Offices, stores and industrial buildings are all facing a perfect storm of increasing vacancies and a lack of capital with which to refinance their debt.
As the residential real estate market continues its downward trajectory, the ripple effects of the crisis threaten the $8 trillion commercial real estate market. Offices, stores and industrial buildings are all facing a perfect storm of increasing vacancies and a lack of capital with which to refinance their debt.
“Really since the start of the year the trouble is coming out of the woodwork as far as notices of default, foreclosures, bankruptcies,” said Bob White, founder and president of Real Capital Analytics, a real estate market research firm. “It’s growing alarmingly fast.” Currently, some $50 billion worth of commercial mortgages are in default or foreclosure. White and others in the industry say the worst is yet to come.
“The two key things creating problems are the tenants are having financial difficulties, especially retail tenants, and there’s a dearth of capital out there for even healthy properties to refinance debt,” said Steven Ott, director of the Center for Real Estate at the University of North Carolina, Charlotte.
Like the residential real estate market, commercial real estate loans were bundled into securities. “The commercial mortgage backed securities market and further derivatives built on that have a very similar structure to the asset backed market the residential mortgages were pooled into,” said David Geltner, director of research at the Center for Real Estate at the Massachusetts Institute of Technology. “You have subordination levels governed by credit rating agencies. Obviously in retrospect, those subordination levels were way too low.”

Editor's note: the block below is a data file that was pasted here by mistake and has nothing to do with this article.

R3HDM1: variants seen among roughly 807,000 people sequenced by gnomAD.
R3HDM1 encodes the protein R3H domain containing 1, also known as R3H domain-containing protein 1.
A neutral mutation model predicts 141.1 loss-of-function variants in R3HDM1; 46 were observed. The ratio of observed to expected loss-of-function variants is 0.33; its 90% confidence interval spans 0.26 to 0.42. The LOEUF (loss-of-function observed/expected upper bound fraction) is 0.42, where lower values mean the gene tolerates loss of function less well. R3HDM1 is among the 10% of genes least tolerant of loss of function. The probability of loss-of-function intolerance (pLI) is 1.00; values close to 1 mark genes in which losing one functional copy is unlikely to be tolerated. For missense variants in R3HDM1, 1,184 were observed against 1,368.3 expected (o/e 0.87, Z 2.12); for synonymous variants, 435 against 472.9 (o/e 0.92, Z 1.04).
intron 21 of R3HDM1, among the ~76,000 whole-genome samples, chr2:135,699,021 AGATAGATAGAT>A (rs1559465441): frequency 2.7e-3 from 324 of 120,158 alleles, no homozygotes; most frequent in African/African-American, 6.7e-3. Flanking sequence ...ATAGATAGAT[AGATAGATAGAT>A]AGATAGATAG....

It’s helpful to think of securitization as an accelerant: It lets returns zoom up during a boom, but it magnifies and spreads the pain of losses in a crash. Now, even stable businesses face guilt by association when they try to refinance: skittish over rising default rates, lenders are tightening up the purse strings for everyone. “Even well-capitalized insurance companies or commercial banks don’t want to catch the proverbial falling knife,” said Victor Calanog, director of research for commercial real estate analysis firm Reis. “Values may still fall.”
Unlike the residential sector, however, experts say that lending practices — at least until the height of the boom — remained conservative in the commercial market. A bruising slump caused by overbuilding that created a glut of unfilled supply in the early 90s was still fresh in the minds of many developers and commercial lenders. By contrast, until last year, the United States had never experienced an across-the-board drop in home prices, making it almost believable that values would never weather a sustained, nationwide decrease.
By 2006 and 2007, though, the commercial market succumbed to bubble thinking. Prices increased and lenders began relying only on recent performance when rating the credit-worthiness of commercial mortgages. “The underwriters for these securitized loans were basically very optimistic about the ability of commercial properties to increase their income,” says Reis’s Calanog. In other words, the maxim of ‘what goes up must come down’ went out the window. Analysts are quick to point out that if commercial real estate lenders hadn’t been as disciplined as they were, the problems the market faces would be even worse than they are now.